Pulmonary oxidative stress, inflammation, and fibrosis induced by single wall carbon nanotubes.
2nd International Symposium on Nanotechnology and Occupational Health, October 3-6, 2005, Minneapolis, Minnesota. Minneapolis, MN: University of Minnesota, 2005 Oct; :97
Society is currently amidst a revolutionary development of remarkable new technologies based on novel applications of nanomaterials. From drug delivery tools and micro-circuitry elements to microcomputer networks and super-durable composite materials - this is just an illustration of the unprecendentedly broad range of applications and approaches using nanomaterials. One of the most interesting examples of nanomaterials is carbon nanotubes (SWCNT), new members of carbon allotropes similar to fullerenes and graphite. Previously, we reported that exposure of human bronchial epithelial cells to SWCNT induced oxidative stress, depletion of antioxidants, morphological changes, cytotoxicity, and apoptosis. In the current study, we investigated pulmonary toxicity of SWCNT after pharyngeal aspiration by C57BL/6 mice. Administration of SWCNT to C57BL/6 mice resulted in a dose-dependent augmentation of bio-markers of inflammation and oxidative stress indices quantified by cell counts, total protein, lactate dehydrogenase (LDH) and 0glutamyltranspeptidase (GGT) activities, reduced level of GSH, and accumulation of lipid peroxidation products in bronchoalveolar lavage (BAL) fluids and lungs. Markers of pulmonary cytotoxicity were associated with the development of inflammation, collagen accumulation, and pulmonary fibrosis. Dense aggregated forms of SWCNT were associated with the formation of granulomatous pneumonias that involve typical neutrophil/macrophage sequential shift. Dispersed SWCNT structures were likely inducers of (epithelial) cell damage and death, and robust release of fibrogenic factors via pathways that are not associated with their effective phagocytosis. TGF was maximally increased in BAL fluid of mice 7 days after CNT exposure and correlated with morphometric evidence of collagen formation as well as pulmonary function changes. Mice exposed to an equal mass of ultrafine carbon black or fine crystalline silica exhibited less PMN recruitment and cytotoxicity than mice receiving SWCNT. In conclusion, our data suggest that pharyngeal aspiration of SWCNT elicited unusual pulmonary effects in C57BL/6 mice that combined a robust acute inflammatory reaction with a very early onset of a fibrogenic response and the formation of granulomas. The latter were mainly associated with epitheliod macrophages surrounding dense micrometer scale SWCNT aggregates while the former were apparently associated with more dispersed SWCNT structures. The SWCNT pulmonary response also included functional respiratory deficiencies and decreased bacterial clearance.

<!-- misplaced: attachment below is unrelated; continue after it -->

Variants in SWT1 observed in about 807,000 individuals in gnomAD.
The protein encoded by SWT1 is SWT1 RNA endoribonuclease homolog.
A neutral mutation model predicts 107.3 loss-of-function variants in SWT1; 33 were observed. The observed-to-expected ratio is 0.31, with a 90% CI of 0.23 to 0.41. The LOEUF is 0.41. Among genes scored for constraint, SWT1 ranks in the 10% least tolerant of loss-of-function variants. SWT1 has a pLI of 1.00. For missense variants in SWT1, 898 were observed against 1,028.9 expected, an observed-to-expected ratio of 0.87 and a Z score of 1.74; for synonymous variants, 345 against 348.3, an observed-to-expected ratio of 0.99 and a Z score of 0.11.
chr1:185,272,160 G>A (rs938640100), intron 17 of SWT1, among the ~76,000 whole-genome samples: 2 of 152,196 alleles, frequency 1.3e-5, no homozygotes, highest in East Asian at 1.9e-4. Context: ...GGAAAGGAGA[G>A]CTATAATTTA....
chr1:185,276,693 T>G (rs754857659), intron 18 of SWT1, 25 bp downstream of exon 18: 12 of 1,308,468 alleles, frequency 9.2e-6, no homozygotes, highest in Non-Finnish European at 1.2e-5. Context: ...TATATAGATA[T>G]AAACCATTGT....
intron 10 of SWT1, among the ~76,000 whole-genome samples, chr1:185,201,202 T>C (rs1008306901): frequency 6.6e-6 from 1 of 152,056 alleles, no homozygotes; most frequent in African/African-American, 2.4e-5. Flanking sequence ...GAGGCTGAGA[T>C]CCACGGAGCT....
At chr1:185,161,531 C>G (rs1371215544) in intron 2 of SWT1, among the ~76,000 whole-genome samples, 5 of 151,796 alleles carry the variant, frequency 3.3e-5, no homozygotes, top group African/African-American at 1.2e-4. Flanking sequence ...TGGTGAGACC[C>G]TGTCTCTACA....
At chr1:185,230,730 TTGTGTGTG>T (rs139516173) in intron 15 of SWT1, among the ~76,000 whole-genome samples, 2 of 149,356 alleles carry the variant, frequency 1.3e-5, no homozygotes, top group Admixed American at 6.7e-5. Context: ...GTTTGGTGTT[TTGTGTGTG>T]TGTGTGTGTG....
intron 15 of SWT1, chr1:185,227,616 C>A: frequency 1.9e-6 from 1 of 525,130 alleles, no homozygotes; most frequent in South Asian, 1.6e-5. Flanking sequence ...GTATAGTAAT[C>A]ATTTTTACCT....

Pulmonary-system-disorders; Fibrosis; Toxins; Toxic-effects; Lung-disorders; Laboratory-animals; Animals; Animal-studies; Biomarkers; Cytotoxins; Cytotoxic-effects; Cytotoxicity; Pulmonary-function; Respiratory-system-disorders; Nanotechnology
Abstract; Conference/Symposia Proceedings
2nd International Symposium on Nanotechnology and Occupational Health, October 3-6, 2005, Minneapolis, Minnesota